The Passionate Shepherd to His Love
Come live with me and be my love,
And we will all the pleasures prove
That valleys, groves, hills, and fields
Woods or steepy mountain yields
And we will sit upon the rocks,
Seeing the shepherds feed their flocks
By shallow rivers to whose falls
Melodious birds sing madrigals.
And I will make thee beds of roses
And a thousand fragrant posies,
A cap of flower, and a kirtle
Embroidered all with leaves of myrtle;
A gown made of the finest wool
Which from our pretty lambs we pull;
Fair lined slippers for the cold
With buckles of the purest gold;
A belt of straw and ivy buds,
With coral clasps and amber studs;
And if these pleasures may thee move,
Come live with me and be my love.
The shepherds’ swains shall dance and sing
For thy delight each May morning:
If these delights thy mind may move,
Then live with me and be my love.
The poem starts with this appeal: “we will all the pleasures prove.” By the end, the issue is not merely “delight,” but “delights thy mind may move” [my emphasis].
The second stanza features “seeing” shepherds feed flocks and hearing “madrigals.” These things remind of the 23rd Psalm. I shall not want. It is a glorious vision, seen and heard. Unfortunately, it does not even suffice for the third stanza, where clothes – post-Edenic shame – are the issue. Shame and flowers are closely linked because there cannot be erotic desire without shame.
“Wool” for the “cold” brings us to necessary, day-to-day concerns. The passionate shepherd started out with the wholly unnecessary. Things seen and heard cannot be grasped. Erotic desires are not as basic as food, clothing or shelter. What is necessary is followed by “a belt of straw and ivy buds” with “coral clasps,” “amber studs.” I don’t think this is merely decorative, though one can argue it is. I think it’s actually a sign of constancy, security. Coral is stone; amber, from ambergris, can concern fossils or be associated with what is found in the ocean.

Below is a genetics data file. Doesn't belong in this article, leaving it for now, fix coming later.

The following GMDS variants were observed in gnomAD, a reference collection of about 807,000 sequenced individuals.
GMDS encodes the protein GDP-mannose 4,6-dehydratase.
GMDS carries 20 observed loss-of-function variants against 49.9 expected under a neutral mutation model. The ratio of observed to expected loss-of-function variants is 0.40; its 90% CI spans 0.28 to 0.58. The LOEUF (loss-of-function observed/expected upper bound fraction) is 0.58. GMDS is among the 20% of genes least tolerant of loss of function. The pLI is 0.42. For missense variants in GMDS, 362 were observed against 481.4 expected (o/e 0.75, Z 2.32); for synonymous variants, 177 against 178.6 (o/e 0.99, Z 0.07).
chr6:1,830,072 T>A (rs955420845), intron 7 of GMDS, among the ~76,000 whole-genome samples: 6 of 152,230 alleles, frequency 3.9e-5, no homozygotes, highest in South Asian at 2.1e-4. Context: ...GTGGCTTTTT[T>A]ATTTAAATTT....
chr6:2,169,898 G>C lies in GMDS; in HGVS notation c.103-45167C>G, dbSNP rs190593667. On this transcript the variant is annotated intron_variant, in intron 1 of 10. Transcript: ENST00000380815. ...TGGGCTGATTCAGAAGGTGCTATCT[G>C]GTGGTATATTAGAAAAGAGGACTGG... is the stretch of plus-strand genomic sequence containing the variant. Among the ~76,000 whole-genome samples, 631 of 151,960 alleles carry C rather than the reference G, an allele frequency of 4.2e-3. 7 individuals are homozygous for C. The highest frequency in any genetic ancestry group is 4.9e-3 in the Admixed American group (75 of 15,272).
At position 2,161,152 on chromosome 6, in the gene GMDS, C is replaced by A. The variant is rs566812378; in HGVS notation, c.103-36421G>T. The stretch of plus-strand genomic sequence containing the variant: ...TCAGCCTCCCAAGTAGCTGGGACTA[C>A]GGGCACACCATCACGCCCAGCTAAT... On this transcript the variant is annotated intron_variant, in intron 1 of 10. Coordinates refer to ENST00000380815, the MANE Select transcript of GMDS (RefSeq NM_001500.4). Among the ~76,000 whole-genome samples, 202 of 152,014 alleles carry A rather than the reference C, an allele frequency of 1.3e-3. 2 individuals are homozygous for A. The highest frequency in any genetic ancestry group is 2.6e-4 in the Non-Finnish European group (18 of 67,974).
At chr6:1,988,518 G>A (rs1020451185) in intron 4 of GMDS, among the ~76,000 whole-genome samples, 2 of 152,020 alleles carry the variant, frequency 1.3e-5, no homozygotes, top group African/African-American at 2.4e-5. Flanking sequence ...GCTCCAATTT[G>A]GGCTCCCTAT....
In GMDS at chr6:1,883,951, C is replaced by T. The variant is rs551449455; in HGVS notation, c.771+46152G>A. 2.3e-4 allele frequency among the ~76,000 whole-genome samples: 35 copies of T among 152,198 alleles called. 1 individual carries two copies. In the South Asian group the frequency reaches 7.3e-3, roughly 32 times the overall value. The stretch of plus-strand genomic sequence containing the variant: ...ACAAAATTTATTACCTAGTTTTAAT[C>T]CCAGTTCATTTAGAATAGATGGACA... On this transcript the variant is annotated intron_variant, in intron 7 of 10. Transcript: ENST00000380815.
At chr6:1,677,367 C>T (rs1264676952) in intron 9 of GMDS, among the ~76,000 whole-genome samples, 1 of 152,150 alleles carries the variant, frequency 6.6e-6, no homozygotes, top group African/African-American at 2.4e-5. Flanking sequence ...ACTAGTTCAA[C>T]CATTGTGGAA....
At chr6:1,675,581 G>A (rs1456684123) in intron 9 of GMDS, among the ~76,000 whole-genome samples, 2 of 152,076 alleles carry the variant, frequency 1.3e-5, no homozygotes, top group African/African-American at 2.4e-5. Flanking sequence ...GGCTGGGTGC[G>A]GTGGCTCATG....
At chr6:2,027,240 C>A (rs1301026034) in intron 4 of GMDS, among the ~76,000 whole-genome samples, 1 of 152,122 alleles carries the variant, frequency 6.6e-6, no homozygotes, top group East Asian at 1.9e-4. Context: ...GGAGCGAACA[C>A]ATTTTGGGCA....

The plea of the passionate shepherd, then, is pretty blasphemous. The argument is that while the “higher” pleasures of seeing and hearing will be available, there will also be a certain shamelessness (stemming from a formerly perceived shame) that leads to the taking care of day-to-day earthly concerns and even longer-term earthly concerns. The “higher” pleasures, we note, coincide with the 23rd Psalm. In a way, this list being complete in its own way is an attempt to supplant “I shall not want.” The passionate shepherd might be making the same plea with us that Francis Bacon and Descartes did in pushing Enlightenment. Not only is there the dark undertone of pulling wool from lambs, but the shepherds’ dancing and singing at the end of the poem can be identified with being able to cover shame permanently.